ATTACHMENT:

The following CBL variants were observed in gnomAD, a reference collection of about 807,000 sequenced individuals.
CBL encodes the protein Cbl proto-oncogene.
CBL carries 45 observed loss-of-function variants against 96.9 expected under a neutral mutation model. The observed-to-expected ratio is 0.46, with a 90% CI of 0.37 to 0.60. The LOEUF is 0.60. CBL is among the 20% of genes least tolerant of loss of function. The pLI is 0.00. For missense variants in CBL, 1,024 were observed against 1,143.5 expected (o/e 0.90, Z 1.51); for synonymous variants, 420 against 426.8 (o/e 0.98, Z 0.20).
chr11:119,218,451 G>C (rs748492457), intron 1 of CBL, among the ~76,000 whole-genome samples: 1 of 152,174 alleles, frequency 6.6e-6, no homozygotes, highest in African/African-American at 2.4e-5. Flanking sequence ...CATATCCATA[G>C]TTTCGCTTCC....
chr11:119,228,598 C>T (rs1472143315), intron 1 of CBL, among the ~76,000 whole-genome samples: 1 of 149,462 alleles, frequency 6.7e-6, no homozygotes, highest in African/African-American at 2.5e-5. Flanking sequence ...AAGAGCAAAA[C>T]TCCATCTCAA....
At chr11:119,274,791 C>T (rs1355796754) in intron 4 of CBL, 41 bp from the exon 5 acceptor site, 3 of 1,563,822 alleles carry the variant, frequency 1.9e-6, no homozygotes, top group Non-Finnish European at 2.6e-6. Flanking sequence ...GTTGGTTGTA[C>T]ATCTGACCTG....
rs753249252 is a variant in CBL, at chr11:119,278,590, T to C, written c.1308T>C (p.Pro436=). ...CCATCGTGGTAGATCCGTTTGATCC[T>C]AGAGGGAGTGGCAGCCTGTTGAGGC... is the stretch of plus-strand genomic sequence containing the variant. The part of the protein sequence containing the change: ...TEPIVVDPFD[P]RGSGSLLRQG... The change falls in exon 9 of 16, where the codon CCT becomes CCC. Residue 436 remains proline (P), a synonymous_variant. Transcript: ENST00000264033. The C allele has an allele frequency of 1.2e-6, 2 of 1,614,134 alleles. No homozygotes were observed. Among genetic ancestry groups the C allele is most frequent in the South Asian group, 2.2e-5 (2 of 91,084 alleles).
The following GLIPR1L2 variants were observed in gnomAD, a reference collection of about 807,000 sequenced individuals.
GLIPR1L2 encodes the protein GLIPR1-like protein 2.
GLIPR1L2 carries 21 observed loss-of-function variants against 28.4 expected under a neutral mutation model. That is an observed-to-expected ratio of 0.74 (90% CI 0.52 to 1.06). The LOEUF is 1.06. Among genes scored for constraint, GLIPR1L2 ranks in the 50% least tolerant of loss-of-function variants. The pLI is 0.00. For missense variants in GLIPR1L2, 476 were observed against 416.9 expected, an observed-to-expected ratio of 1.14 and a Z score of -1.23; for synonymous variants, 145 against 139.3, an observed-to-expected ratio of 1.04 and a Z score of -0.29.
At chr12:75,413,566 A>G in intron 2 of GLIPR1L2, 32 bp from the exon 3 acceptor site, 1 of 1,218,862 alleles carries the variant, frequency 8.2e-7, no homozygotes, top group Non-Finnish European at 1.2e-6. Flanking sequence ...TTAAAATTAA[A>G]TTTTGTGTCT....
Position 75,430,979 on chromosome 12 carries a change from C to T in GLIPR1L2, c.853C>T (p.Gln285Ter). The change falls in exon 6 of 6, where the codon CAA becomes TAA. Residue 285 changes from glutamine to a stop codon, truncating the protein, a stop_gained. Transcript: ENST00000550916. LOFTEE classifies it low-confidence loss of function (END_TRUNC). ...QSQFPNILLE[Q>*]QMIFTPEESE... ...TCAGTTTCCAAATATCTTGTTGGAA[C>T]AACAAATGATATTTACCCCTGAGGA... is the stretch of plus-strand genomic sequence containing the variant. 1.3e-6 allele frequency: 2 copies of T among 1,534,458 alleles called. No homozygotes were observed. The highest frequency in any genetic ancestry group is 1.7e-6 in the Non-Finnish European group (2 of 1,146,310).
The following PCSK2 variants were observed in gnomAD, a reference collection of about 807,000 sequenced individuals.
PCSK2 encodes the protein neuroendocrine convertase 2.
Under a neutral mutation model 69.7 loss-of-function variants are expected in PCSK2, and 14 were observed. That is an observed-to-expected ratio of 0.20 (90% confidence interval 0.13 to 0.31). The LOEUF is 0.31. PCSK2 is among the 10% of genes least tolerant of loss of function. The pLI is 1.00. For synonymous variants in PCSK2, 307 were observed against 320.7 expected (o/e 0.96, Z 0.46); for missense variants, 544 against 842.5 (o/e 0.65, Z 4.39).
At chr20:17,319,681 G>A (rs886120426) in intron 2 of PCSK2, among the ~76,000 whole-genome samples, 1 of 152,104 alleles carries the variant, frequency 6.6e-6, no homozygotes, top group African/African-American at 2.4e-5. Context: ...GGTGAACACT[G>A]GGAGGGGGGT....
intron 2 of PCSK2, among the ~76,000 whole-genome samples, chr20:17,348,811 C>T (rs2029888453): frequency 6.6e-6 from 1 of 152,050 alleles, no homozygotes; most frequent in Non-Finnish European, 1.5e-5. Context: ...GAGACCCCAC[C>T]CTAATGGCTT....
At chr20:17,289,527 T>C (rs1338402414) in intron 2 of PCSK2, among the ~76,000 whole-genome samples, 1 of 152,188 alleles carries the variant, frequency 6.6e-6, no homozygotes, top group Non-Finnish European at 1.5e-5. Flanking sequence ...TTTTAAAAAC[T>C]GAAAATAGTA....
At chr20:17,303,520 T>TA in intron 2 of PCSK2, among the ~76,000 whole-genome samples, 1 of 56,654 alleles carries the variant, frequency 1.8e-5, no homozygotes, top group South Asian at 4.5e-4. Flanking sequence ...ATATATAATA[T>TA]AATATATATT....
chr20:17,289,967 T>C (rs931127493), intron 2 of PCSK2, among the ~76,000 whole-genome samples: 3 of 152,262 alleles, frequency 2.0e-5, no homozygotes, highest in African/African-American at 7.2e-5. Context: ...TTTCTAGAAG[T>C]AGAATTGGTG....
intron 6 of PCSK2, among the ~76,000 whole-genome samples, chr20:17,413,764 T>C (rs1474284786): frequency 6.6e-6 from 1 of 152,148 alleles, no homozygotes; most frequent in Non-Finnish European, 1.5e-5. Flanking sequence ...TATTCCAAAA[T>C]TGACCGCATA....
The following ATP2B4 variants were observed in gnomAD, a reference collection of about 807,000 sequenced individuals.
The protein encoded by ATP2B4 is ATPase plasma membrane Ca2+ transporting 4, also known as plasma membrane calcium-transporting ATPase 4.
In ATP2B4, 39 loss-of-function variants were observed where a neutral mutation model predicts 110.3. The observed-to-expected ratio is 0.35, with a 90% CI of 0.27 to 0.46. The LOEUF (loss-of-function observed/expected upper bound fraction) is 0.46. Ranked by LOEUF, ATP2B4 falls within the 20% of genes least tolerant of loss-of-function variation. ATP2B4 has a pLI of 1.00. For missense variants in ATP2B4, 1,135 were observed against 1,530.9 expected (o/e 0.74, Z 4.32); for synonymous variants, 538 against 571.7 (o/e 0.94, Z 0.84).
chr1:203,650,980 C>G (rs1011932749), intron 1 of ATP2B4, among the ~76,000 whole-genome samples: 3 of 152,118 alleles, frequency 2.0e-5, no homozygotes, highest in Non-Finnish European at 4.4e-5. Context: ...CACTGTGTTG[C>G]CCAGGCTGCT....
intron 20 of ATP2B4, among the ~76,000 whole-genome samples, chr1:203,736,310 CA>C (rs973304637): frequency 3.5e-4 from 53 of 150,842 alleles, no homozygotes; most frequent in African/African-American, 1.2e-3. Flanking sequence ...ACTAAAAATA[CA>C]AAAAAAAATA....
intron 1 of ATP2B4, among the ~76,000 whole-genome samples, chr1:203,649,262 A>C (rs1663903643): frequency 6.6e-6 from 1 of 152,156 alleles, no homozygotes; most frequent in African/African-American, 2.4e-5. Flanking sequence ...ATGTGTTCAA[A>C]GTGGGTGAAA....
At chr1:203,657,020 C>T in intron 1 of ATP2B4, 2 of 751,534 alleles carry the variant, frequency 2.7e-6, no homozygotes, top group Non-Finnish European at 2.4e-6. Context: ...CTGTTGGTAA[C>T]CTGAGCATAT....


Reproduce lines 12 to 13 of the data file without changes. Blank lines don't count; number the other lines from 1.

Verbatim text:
Position 75,430,979 on chromosome 12 carries a change from C to T in GLIPR1L2, c.853C>T (p.Gln285Ter). The change falls in exon 6 of 6, where the codon CAA becomes TAA. Residue 285 changes from glutamine to a stop codon, truncating the protein, a stop_gained. Transcript: ENST00000550916. LOFTEE classifies it low-confidence loss of function (END_TRUNC). ...QSQFPNILLE[Q>*]QMIFTPEESE... ...TCAGTTTCCAAATATCTTGTTGGAA[C>T]AACAAATGATATTTACCCCTGAGGA... is the stretch of plus-strand genomic sequence containing the variant. 1.3e-6 allele frequency: 2 copies of T among 1,534,458 alleles called. No homozygotes were observed. The highest frequency in any genetic ancestry group is 1.7e-6 in the Non-Finnish European group (2 of 1,146,310).
The following PCSK2 variants were observed in gnomAD, a reference collection of about 807,000 sequenced individuals.